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Apple-Samsung Judge Says She May Put Patent Case on Hold

Apple Inc. and Samsung Electronics Co. were asked by a federal judge to agree to freeze their smartphone patent dispute scheduled for trial next year while an appeals court reviews an August verdict in an earlier case.

“I was going to ask if we can stay this case while the other appeal is going on,” U.S. District Judge Lucy Koh said during a hearing yesterday in San Jose, California. Any possible resolution of the conflict will be “global” and cover technologies contested in both suits, Koh said. “I don’t know if we need two cases on this.”

Koh directed attorneys for both sides to file a status report by March 7 indicating whether they consent to putting the later case on hold. A lawyer for Cupertino, California-based Apple, William Lee, said there are no settlement negotiations under way in the litigation.

Both companies continued to present the patents at issue in the newer case, scheduled for trial in March 2014. The lawsuit was filed last year and covers technology in newer smartphones made by both companies, including Samsung’s Galaxy S III and Apple’s iPhone 5.

The judge last month rejected Apple’s request to add additional damages to a $1.05 billion awarded against Samsung in August by a jury that found the Suwon, South Korea-based company infringed six of the iPhone maker’s mobile-device patents.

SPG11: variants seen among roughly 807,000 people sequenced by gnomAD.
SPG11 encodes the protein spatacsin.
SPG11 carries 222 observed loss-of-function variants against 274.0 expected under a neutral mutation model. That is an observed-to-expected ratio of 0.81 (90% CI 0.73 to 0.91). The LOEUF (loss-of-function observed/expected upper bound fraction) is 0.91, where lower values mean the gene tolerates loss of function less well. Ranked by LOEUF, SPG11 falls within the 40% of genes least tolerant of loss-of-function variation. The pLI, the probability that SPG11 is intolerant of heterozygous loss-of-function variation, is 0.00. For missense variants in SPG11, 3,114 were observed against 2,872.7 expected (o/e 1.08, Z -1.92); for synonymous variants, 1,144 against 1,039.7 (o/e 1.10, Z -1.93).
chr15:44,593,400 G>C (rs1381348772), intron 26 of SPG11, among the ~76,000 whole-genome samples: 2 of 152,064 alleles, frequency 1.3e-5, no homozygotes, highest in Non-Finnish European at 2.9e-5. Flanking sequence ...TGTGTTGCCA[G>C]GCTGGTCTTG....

‘Deliberate Copying’

Apple is challenging a decision by Koh that allows Samsung to continue selling some products that were found by the jury to infringe Apple patents.

In a Feb. 12 filing with the U.S. Court of Appeals for the Federal Circuit in Washington, Apple said that Samsung has taken market share based on its “deliberate copying of Apple’s innovative iPhone and iPad products” and asked the court to halt the sales. Samsung hasn’t filed a response, and an appeal of the August jury verdict hasn’t yet been filed with the appeals court.

Separately, both companies are appealing rulings requiring them to reveal financial information they want to keep secret. Apple calls the information its “treasured trade secrets,” consisting of data on specific products and market research on its customers. Arguments in those appeals are to be heard March 26 in Washington.

Last year’s case is Apple Inc. v. Samsung Electronics Co. Ltd., 11-cv-1846; the case scheduled for trial next year is Apple Inc. v. Samsung Electronics Co., 12-cv-630; both are in U.S. District Court, Northern District of California (San Jose).

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